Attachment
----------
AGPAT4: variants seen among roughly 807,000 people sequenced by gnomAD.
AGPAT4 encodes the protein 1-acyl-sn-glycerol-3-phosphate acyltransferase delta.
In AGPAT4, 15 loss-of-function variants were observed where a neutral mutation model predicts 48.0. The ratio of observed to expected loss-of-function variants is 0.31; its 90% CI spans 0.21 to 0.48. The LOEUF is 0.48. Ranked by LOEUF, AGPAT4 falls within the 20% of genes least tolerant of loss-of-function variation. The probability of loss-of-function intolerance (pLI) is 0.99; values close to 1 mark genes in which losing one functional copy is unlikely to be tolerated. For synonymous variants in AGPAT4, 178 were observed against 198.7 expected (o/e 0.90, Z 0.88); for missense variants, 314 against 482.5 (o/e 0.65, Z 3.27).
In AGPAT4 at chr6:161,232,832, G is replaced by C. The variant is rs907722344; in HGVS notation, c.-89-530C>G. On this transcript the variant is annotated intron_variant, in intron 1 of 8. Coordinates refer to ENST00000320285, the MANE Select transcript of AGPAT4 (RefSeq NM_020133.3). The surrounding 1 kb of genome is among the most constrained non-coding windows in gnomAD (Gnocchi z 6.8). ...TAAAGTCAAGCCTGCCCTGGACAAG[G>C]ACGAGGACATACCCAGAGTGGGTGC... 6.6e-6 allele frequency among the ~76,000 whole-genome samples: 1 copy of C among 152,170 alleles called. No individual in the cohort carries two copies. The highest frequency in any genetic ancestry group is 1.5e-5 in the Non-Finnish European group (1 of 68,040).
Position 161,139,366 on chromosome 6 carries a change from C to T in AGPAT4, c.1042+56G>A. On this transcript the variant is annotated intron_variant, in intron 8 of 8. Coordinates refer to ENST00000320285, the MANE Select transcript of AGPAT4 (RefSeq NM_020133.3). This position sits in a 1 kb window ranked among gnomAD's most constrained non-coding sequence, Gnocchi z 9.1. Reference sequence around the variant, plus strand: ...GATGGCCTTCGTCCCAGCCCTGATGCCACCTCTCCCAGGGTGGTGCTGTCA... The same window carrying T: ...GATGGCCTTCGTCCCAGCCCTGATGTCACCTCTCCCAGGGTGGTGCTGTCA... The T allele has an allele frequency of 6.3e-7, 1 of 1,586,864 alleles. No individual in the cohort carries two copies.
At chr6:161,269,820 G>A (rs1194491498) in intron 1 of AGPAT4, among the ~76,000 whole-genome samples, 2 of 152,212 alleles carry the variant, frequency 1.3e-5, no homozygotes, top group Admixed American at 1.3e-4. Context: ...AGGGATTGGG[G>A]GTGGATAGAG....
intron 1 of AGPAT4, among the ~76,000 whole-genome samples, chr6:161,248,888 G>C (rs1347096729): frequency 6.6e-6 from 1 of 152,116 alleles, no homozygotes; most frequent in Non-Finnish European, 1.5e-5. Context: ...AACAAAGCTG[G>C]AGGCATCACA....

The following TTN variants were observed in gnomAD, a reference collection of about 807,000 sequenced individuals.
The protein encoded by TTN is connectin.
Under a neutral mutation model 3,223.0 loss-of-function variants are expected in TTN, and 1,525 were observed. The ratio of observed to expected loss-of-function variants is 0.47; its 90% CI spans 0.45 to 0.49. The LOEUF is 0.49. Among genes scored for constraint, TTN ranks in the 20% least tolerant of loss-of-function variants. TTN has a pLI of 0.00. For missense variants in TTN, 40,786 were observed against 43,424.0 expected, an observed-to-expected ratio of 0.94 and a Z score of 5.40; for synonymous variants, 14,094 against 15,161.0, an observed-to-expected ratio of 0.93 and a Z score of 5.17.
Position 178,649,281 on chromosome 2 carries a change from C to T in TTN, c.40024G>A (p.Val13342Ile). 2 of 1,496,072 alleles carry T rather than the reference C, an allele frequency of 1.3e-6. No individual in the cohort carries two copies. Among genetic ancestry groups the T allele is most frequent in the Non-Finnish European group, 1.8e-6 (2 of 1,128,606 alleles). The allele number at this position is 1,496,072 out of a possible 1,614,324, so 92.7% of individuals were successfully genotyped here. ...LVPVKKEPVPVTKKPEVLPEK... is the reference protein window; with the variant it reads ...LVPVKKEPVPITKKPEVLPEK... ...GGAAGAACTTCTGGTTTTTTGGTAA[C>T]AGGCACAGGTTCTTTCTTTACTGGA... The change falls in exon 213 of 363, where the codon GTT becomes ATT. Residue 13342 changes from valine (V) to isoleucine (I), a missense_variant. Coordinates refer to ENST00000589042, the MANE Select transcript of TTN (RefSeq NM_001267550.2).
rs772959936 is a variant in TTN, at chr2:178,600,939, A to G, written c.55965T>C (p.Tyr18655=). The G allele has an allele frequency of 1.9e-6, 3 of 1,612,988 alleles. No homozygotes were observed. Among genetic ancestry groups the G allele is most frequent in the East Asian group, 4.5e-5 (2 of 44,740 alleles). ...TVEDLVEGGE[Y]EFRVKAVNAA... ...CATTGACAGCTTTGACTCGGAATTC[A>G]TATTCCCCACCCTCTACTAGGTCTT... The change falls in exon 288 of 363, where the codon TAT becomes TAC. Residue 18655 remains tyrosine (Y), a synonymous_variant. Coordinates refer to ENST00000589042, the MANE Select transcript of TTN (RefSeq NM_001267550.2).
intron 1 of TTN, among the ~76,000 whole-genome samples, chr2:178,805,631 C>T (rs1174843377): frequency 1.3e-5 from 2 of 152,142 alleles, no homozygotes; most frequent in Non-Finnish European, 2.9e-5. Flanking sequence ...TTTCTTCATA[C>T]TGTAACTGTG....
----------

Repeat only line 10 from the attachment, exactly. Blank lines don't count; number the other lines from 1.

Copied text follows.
Under a neutral mutation model 3,223.0 loss-of-function variants are expected in TTN, and 1,525 were observed. The ratio of observed to expected loss-of-function variants is 0.47; its 90% CI spans 0.45 to 0.49. The LOEUF is 0.49. Among genes scored for constraint, TTN ranks in the 20% least tolerant of loss-of-function variants. TTN has a pLI of 0.00. For missense variants in TTN, 40,786 were observed against 43,424.0 expected, an observed-to-expected ratio of 0.94 and a Z score of 5.40; for synonymous variants, 14,094 against 15,161.0, an observed-to-expected ratio of 0.93 and a Z score of 5.17.